Sometimes procedures get in the way of good ideas. That appears to be the case with school uniforms.
Several Utah schools will likely abandon school uniform policies this fall. North Davis Junior High already has, eliminating its policy after a two-year trial.
On the surface, the idea of public schools embracing what has long been a staple of private schools in order to foster a better atmosphere makes a lot of sense. But unlike private schools, Utah's public school uniform policies can't be mandatory. Parents, by law, have the right to exempt their children from wearing school uniforms. Public schools that have adopted mandatory uniform policies in other states have been sued.
When a significant number of parents opt out of their school's uniform policy, the policy is basically useless.
That's the case at Rosamond Elementary School in Riverton, where 412 of 640 families have opted out of sending their children to school in uniforms.
The purpose of uniforms is to bring a student body closer together — to unite, not divide. But as Rosamond Principal Ron Jarrett noted, "If uniforms continue to divide this community, I don't think this is healthy." He's right.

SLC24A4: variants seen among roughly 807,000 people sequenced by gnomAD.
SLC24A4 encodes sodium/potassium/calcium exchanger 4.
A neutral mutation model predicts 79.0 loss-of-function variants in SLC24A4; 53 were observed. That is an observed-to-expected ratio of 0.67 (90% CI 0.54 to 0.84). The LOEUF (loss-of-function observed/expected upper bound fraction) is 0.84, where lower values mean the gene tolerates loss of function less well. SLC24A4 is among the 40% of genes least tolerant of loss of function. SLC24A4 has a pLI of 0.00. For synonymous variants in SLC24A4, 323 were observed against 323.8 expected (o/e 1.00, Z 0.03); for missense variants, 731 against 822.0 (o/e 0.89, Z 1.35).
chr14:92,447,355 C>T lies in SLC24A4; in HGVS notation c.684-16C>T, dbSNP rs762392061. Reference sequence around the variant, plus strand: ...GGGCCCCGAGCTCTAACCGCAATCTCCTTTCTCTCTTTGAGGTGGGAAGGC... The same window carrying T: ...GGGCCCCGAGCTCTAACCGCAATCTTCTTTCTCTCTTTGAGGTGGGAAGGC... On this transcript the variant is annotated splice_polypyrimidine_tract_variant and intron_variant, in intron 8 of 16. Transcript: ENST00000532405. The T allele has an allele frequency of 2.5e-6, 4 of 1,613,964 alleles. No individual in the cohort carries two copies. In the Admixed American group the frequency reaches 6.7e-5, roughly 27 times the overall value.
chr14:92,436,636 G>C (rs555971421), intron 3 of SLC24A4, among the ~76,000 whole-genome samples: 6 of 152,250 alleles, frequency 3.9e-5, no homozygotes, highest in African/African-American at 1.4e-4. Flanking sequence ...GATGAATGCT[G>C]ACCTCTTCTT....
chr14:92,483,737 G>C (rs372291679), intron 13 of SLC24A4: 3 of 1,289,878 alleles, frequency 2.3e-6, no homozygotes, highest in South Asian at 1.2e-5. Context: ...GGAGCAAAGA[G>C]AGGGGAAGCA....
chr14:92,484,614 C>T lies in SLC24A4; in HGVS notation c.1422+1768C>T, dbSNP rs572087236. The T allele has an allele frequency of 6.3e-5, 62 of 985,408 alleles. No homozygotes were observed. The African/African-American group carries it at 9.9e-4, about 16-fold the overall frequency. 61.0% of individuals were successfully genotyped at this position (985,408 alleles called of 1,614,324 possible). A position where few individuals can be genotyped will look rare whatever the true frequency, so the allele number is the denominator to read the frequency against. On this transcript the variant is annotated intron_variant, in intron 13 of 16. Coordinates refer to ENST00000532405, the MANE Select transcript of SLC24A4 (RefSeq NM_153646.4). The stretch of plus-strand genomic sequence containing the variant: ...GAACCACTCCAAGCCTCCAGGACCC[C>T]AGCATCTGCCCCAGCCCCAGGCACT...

At North Davis, about half of the students wore uniforms last spring. That wasn't nearly enough for Principal Kent Smith to continue the program. He believes at least 75 percent of the students have to abide by a standardized dress policy in order for a school to reap benefits from it.
Some schools have had considerable success with their uniform policies. For example, truancies fell from 404 to 215, suspensions dropped from 334 to 73 and general behavioral problems dropped from 1,328 to 73 the year after the uniform policy debuted at North Layton Junior High. Honor rolls also increased by 20 percent and 11 percent in the eighth and ninth grades, respectively.
Since a mandatory uniform policy is not an option, schools that want to pursue wearing uniforms need to make sure there is ample input and support from the parents. Implementing a school dress code policy isn't wise unless virtually all parents agree to participate.